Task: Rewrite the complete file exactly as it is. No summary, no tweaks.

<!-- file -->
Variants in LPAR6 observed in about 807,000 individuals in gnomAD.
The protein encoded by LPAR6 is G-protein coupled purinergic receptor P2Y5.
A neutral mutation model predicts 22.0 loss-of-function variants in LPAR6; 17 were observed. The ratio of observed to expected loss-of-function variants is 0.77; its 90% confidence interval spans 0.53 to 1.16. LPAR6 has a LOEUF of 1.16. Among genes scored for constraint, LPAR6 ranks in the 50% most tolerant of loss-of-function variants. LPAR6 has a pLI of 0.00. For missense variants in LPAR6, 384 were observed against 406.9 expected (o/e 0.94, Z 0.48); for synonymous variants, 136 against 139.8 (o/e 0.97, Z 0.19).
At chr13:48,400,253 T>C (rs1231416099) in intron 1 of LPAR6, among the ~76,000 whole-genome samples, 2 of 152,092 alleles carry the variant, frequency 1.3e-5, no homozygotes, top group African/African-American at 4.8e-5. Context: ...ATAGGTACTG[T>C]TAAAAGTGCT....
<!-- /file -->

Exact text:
Variants in LPAR6 observed in about 807,000 individuals in gnomAD.
The protein encoded by LPAR6 is G-protein coupled purinergic receptor P2Y5.
A neutral mutation model predicts 22.0 loss-of-function variants in LPAR6; 17 were observed. The ratio of observed to expected loss-of-function variants is 0.77; its 90% confidence interval spans 0.53 to 1.16. LPAR6 has a LOEUF of 1.16. Among genes scored for constraint, LPAR6 ranks in the 50% most tolerant of loss-of-function variants. LPAR6 has a pLI of 0.00. For missense variants in LPAR6, 384 were observed against 406.9 expected (o/e 0.94, Z 0.48); for synonymous variants, 136 against 139.8 (o/e 0.97, Z 0.19).
At chr13:48,400,253 T>C (rs1231416099) in intron 1 of LPAR6, among the ~76,000 whole-genome samples, 2 of 152,092 alleles carry the variant, frequency 1.3e-5, no homozygotes, top group African/African-American at 4.8e-5. Context: ...ATAGGTACTG[T>C]TAAAAGTGCT....